Workers from Black, Asian, mixed race and minority ethnic backgrounds have significantly higher concerns of being made redundant due to the cost-of-living crisis, feeding concerns about the ethnicity pay gap. 

This is according to a new report from People Like Us and Censuswide, which also found that the cost-of-living crisis threatens to widen ethnic disparities in the UK, with four in ten (41%) workers from Black, Asian, mixed race and minority ethnic backgrounds worried that they will lose their job in the wake of increased costs.

This is compared to 27 percent of those from a white British background.

Those from minority ethnic backgrounds are also more likely to feel government support will not see them through the next six months.

This is a rate 7 percent higher than their white counterparts (52% vs 45%).

This is causing them to dip into savings at a greater rate, with ethnic minority professionals’ savings declining 1.3x faster than their white colleagues (falling 16% vs. last year; compared to 13% for white professionals).

Over half of professionals from ethnic monitory backgrounds (56%) admit to feeling despair as a result of the rising cost of living, 8 percent higher than their white colleagues.

Bills, borrowing and cutting meals  

Concerningly, the report reveals that people of colour are finding it disproportionately more difficult to keep up with rising costs.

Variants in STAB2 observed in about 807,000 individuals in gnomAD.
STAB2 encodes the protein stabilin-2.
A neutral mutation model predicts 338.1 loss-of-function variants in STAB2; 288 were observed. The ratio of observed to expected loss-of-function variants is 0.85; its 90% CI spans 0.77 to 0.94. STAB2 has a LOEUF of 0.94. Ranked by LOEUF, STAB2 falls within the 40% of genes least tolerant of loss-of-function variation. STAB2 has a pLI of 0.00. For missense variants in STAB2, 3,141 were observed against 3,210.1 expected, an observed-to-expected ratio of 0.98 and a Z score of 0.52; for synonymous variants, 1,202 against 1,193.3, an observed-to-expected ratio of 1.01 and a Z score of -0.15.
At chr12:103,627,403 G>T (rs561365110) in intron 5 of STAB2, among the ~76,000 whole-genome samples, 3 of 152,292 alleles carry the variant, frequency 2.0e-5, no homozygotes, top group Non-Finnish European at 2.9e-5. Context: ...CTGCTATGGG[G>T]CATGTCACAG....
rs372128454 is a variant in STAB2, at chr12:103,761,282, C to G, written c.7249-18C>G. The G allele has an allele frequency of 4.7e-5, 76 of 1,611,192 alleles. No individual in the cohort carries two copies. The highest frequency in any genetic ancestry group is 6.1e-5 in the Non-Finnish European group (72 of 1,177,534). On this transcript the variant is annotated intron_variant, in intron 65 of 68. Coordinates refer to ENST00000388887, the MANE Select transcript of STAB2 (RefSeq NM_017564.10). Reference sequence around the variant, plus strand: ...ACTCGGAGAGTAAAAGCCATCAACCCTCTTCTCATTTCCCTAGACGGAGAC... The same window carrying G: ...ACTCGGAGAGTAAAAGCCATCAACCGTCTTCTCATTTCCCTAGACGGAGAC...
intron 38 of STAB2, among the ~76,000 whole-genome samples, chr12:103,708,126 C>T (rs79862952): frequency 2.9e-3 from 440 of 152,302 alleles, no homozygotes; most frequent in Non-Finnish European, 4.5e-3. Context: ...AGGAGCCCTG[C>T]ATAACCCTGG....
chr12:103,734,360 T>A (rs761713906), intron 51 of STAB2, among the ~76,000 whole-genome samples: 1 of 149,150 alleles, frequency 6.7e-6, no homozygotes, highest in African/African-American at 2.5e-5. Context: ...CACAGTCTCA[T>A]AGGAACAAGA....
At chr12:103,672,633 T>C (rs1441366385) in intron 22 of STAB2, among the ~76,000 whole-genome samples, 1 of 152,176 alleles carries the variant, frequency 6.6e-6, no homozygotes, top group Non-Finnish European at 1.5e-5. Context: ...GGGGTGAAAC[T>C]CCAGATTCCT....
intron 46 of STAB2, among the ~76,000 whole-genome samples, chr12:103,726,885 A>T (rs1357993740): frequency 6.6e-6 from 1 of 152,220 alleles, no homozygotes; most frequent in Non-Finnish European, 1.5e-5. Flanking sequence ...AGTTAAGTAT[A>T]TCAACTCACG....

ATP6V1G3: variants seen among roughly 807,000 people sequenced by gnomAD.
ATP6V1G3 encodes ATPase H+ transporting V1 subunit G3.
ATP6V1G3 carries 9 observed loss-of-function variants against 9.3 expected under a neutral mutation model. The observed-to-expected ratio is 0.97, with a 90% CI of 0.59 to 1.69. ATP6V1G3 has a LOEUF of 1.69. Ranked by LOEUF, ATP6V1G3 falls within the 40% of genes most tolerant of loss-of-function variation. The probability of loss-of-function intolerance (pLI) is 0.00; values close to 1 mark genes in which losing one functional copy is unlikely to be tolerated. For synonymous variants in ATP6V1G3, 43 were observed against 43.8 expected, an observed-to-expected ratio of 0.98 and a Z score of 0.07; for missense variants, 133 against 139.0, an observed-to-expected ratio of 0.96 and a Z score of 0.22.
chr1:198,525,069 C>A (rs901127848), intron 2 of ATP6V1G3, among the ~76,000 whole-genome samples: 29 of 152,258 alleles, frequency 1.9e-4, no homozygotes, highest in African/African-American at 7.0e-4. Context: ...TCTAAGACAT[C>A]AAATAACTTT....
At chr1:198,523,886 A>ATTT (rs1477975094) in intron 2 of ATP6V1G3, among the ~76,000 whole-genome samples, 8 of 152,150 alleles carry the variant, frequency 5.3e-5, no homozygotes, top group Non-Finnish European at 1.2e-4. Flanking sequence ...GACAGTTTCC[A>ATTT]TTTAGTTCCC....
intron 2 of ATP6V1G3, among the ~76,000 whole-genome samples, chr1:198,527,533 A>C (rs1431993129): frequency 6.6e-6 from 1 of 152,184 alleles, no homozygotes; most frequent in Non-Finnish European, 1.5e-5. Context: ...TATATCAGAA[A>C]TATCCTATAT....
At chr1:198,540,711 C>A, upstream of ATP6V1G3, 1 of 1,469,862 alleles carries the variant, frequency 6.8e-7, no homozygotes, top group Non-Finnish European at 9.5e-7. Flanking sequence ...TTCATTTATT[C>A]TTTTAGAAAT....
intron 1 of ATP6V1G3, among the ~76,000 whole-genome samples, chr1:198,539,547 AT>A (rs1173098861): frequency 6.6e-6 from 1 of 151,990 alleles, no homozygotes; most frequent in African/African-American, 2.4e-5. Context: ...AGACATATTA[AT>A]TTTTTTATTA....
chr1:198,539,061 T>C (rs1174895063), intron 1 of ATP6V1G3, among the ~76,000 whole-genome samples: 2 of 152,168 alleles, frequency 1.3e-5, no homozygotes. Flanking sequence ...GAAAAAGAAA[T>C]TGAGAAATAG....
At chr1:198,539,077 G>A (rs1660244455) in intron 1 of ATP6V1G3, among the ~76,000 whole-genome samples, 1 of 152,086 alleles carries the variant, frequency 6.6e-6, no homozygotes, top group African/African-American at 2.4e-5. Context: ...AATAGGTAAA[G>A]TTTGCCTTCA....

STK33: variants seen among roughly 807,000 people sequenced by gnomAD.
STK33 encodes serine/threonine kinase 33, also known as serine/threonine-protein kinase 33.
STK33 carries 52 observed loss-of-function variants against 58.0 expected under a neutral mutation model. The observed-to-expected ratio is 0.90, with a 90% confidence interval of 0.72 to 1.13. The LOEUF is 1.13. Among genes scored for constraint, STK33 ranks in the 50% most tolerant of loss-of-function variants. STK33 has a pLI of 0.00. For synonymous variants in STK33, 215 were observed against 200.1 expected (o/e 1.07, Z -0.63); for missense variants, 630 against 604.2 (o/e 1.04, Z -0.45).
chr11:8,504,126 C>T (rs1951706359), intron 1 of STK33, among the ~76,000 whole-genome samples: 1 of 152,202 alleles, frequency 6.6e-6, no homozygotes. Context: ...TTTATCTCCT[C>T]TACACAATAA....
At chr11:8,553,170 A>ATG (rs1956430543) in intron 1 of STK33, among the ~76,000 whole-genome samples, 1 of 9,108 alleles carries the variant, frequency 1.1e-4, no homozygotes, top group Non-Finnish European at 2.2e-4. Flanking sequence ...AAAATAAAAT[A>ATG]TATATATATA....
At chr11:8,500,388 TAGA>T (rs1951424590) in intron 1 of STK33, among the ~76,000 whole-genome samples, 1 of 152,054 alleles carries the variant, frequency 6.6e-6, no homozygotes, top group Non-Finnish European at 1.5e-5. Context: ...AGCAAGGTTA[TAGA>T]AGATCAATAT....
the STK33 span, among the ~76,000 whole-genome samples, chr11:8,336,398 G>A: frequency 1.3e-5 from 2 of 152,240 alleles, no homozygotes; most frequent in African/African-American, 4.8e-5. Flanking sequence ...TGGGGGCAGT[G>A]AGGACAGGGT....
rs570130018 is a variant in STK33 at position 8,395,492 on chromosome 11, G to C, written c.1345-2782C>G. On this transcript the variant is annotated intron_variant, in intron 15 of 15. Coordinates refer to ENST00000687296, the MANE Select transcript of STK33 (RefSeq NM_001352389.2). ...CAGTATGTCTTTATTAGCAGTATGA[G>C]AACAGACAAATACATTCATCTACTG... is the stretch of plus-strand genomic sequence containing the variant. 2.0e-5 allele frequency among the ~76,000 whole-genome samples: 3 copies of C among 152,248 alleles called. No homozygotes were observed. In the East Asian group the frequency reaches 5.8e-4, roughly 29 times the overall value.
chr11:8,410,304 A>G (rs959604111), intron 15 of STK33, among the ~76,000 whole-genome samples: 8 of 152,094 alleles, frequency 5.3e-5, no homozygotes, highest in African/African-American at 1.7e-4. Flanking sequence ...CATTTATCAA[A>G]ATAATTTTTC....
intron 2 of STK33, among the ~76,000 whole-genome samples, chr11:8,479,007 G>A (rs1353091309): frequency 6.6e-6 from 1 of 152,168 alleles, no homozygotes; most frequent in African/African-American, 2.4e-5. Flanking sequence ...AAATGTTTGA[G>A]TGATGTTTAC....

A staggering 30 percent of workers from diverse backgrounds are now borrowing money from friends and family, compared to 21 percent of white British, and on average borrowing £188, or 22 percent more (£1027 compared to £839).

Alarmingly, 33 percent of diverse professionals are almost twice as likely to need to move in with family due to rising costs, compared to 18 percent of white British.

The study also found that 39 percent of ethnic minority workers are now skipping meals to save money, compared to 29 percent of white British.

Also, 35 percent of professionals from racially diverse backgrounds are struggling to afford their commute, compared to 23 percent of white British, while 45 percent of ethnic minority professionals are now worried about their level of debt, compared to 39 percent white British.

A staggering 36 percent of workers from diverse backgrounds are also relying on credit cards to see them through month-to-month compared to 27 percent of white British.

Sheeraz Gulsher, co-founder of People Like Us commented on the ethnicity pay gap:

“We need to make businesses accountable for their pay disparities. Mandatory gender pay gap reporting has started to get the wheels in motion to begin to address the balance between men and women, and we are now calling for mandatory ethnicity pay gap reporting to do the same on the grounds of race.

“It’s a positive step forward to have our first Asian Prime Minister in place, but with that change comes an increasingly stark reality that the broader community aren’t afforded the same assurances in terms of being guaranteed equal pay in their roles. We want to urge the new Prime Minister to take the initiative and introduce ethnicity pay gap bill without delay.

“This will start to address a fundamental imbalance, tackle a critical policy issue and ensure career progression and ambition is truly accessible for ethnic minority workers working in every department of UK PLC.”

The stark ethnicity pay gap